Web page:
Sterol 27-hydroxylase polymorphism significantly associates with shorter telomere, higher cardiovascular and type-2 diabetes risk in obese subjects

Sofia Pavanello, Laura Angelici, Mirjam Hoxha, Laura Cantone, Manuela Campisi, Amedea Silvia Tirelli, Luisella Vigna, Angela Cecilia Pesatori, Valentina Bollati

Research output: Contribution to journalArticlepeer-review


Background/objectives: The pathologic relationship linking obesity and lipid dismetabolism with earlier onset of aging-related disorders, including cardiovascular disease (CVD) and type-2 diabetes (T2D), is not fully elucidate. Chronic inflammatory state, in obese individuals, may accelerate cellular aging. However, leukocyte telomere length (LTL), the cellular biological aging indicator, is elusively linked with obesity. Recent studies indicate that sterol 27-hydroxylase (CYP27A1) is an emerging antiatherogenic enzyme, that, by converting extrahepatic cholesterol to 27-hydroxycholesterol, facilitates cholesterol removal via high-density lipoprotein-cholesterol (HDL-C). We tested the hypothesis that obese subjects who carry at least three copies of CYP27A1 low-hydroxylation (LH) activity genome-wide-validated alleles (rs4674345A, rs1554622A, and rs4674338G) present premature aging, as reflected in shorter LTL and higher levels of CVD/T2D risk factors, including reduced HDL-C. Subjects/methods: Obese subjects from SPHERE project (n = 1,457; overweight [body mass index (BMI) 25-30 kg/m2] 65.8% and severe-obese (BMI > 30 kg/m2) 34.2%) were characterized for the presence from 0 to 6 LH-CYP27A1 allele copy number. Univariate and multivariable sex-age-smoking-adjusted linear-regression models were performed to compare CVD/T2D risk factors and biological aging (LTL) in relation to the combined BMI-LH groups: overweight-LH: 0-2, overweight-LH: 3-6, severe-obese-LH: 0-2, and severe-obese-LH: 3-6. Results: Higher LTL attrition was found in severe-obese than overweight individuals (p < 0.001). Multivariable model reveals that among severe-obese patients those with LH: 3-6 present higher LTL attrition than LH: 0-2 (p < 0.05). Univariate and multivariable models remarkably show that insulin resistance is higher both in overweight-LH: 3-6 vs overweight-LH: 0-2 (p < 0.001) and in severe-obese-LH: 3-6 vs severe-obese-LH: 0-2 (p < 0.0001), and HDL-C is lower in overweight-LH: 3-6 than overweight-LH: 0-2 (p < 0.05 and p < 001). Finally, most of the well-known (i.e., blood pressure, heart rate, waist to hip, triglycerides, and HDL-C) and novel CVD risk factors [i.e., inflammation markers (C-reactive protein, leukocytes, and chemoattractant protein-1), fibrinogen, and glucose homeostasis (i.e., insulin resistance, and glycated hemoglobin)] are substantially (p < 0.0001) altered in severe-obese-LH: 0-2 vs overweight-LH: 0-2, pointing to the fact that obesity leads to worsen the CVD/T2D risk factor profile. Conclusion: Our study supports evidence that CYP27A1 genetic characterization identifies persons at higher risk to develop CVD and T2D, on which better converge preventive measures, and opens new perspectives on mechanisms that link obesity with aging-related disorders.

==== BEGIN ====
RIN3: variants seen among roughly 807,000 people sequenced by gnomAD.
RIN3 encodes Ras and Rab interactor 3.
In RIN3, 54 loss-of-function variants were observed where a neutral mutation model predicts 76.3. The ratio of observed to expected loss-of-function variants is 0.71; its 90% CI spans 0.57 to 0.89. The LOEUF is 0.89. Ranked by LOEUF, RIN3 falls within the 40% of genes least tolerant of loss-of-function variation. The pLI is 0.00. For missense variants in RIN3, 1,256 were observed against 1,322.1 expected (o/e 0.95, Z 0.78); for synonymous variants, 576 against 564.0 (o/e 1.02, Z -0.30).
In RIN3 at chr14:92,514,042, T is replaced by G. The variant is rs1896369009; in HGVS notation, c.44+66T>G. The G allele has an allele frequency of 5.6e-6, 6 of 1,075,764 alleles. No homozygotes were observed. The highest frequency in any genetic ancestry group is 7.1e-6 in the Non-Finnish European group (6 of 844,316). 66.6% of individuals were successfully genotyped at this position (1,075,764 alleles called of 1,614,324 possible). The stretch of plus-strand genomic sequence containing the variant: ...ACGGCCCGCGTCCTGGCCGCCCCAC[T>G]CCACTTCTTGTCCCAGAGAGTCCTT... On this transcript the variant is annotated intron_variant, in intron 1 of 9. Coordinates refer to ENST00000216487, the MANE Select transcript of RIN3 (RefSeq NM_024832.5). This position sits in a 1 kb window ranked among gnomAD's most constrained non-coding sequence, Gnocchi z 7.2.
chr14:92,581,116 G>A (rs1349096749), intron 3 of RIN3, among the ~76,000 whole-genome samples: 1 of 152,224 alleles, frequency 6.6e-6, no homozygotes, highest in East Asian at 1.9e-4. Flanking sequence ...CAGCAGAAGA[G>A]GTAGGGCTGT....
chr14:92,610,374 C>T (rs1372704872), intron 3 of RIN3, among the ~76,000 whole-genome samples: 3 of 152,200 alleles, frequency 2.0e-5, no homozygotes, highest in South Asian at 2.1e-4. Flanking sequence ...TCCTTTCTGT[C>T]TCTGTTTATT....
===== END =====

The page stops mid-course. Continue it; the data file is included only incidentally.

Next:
Original languageEnglish
Article number309
JournalFrontiers in Endocrinology
Issue numberJUN
Publication statusPublished - Jun 13 2018


  • Cardiovascular diseases
  • Cholesterol
  • Diabetes mellitus type 2
  • Genotyping
  • HDL
  • Insulin sensitive obese
  • Obesity
  • Telomere shortening

ASJC Scopus subject areas

  • Endocrinology, Diabetes and Metabolism


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